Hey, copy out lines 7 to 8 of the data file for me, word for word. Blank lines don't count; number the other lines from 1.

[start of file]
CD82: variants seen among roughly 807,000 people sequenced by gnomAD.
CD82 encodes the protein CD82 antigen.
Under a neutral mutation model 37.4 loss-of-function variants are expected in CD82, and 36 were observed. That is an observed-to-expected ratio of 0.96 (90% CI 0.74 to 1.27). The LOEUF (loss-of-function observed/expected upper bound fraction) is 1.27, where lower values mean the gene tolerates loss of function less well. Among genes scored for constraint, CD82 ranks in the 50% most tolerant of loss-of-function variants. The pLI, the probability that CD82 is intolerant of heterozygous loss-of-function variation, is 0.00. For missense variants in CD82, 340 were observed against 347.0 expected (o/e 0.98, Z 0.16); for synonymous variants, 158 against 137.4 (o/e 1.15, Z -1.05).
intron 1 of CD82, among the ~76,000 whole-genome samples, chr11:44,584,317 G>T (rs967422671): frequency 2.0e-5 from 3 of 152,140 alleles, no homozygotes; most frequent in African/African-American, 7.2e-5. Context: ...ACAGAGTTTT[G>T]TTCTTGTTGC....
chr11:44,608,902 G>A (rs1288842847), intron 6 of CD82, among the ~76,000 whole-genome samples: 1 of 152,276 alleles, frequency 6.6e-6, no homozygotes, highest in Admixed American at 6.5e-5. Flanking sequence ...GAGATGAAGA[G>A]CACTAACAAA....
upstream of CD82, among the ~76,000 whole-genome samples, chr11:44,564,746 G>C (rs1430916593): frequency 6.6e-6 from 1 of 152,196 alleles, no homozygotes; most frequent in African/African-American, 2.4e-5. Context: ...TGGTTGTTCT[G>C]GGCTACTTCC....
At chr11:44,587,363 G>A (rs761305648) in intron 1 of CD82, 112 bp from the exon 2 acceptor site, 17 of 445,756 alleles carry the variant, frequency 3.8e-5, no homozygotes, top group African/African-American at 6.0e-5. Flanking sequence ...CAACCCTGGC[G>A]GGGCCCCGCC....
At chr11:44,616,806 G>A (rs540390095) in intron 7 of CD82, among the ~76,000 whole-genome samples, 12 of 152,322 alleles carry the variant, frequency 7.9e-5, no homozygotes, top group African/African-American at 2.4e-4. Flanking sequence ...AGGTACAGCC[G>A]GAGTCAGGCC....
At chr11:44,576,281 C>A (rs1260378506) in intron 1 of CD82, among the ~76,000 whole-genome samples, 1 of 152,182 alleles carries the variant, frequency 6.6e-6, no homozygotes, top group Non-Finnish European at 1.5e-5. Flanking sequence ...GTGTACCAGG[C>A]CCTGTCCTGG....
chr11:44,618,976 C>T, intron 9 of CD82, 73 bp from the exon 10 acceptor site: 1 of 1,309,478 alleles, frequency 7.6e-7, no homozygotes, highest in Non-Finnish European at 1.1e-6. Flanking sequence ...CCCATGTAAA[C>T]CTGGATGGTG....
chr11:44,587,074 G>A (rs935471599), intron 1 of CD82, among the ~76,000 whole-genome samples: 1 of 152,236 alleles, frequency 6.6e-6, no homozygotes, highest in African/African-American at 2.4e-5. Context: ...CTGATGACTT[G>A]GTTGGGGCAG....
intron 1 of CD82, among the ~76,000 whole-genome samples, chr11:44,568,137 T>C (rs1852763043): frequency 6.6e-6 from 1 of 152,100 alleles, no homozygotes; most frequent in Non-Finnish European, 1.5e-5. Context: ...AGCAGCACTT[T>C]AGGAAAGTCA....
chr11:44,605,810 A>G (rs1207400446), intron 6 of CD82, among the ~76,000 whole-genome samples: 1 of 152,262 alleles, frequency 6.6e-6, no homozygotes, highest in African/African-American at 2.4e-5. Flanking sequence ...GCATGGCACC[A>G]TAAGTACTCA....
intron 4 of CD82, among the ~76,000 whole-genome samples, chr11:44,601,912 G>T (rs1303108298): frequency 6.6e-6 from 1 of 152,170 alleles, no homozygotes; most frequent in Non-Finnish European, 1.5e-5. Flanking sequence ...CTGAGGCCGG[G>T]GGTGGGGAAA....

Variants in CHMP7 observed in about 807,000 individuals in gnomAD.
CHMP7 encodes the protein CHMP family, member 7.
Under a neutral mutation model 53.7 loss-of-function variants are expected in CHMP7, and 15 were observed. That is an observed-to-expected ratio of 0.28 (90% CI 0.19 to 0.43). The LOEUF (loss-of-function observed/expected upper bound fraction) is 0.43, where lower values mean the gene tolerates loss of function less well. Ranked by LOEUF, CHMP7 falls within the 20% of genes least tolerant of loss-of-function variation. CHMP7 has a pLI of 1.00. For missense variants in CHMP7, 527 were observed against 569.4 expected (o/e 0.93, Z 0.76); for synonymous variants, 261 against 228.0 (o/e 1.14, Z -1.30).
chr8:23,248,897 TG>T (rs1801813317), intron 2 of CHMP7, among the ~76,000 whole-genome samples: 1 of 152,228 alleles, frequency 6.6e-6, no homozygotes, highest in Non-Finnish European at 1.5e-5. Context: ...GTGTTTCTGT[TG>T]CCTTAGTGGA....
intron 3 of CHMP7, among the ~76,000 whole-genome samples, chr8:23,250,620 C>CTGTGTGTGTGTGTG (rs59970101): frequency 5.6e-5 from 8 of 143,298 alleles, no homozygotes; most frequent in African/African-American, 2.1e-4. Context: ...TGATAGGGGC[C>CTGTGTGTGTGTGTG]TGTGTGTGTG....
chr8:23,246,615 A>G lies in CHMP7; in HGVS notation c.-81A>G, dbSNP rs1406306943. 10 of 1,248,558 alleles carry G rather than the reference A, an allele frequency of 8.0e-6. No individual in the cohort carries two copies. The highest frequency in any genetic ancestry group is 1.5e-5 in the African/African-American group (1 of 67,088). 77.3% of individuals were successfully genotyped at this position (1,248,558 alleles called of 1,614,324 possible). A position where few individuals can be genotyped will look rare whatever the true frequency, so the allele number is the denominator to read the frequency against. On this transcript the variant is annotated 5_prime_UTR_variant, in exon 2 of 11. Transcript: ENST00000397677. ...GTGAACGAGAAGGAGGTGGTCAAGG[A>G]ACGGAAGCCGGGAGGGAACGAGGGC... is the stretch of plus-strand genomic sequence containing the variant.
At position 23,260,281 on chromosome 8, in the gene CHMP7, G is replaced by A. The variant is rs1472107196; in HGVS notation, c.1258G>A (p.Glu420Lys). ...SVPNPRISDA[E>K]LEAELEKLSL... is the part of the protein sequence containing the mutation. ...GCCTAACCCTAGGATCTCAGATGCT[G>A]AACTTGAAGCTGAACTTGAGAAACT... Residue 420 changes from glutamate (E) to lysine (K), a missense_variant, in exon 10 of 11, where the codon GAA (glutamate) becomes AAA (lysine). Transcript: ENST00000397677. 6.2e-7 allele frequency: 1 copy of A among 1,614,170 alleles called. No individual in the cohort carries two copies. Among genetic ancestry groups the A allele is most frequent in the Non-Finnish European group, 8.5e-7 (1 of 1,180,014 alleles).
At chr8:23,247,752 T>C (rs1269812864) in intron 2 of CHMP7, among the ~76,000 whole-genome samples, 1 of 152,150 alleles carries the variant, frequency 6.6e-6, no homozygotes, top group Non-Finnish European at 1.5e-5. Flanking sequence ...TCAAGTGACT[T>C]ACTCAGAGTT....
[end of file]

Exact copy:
At chr11:44,587,363 G>A (rs761305648) in intron 1 of CD82, 112 bp from the exon 2 acceptor site, 17 of 445,756 alleles carry the variant, frequency 3.8e-5, no homozygotes, top group African/African-American at 6.0e-5. Flanking sequence ...CAACCCTGGC[G>A]GGGCCCCGCC....
At chr11:44,616,806 G>A (rs540390095) in intron 7 of CD82, among the ~76,000 whole-genome samples, 12 of 152,322 alleles carry the variant, frequency 7.9e-5, no homozygotes, top group African/African-American at 2.4e-4. Flanking sequence ...AGGTACAGCC[G>A]GAGTCAGGCC....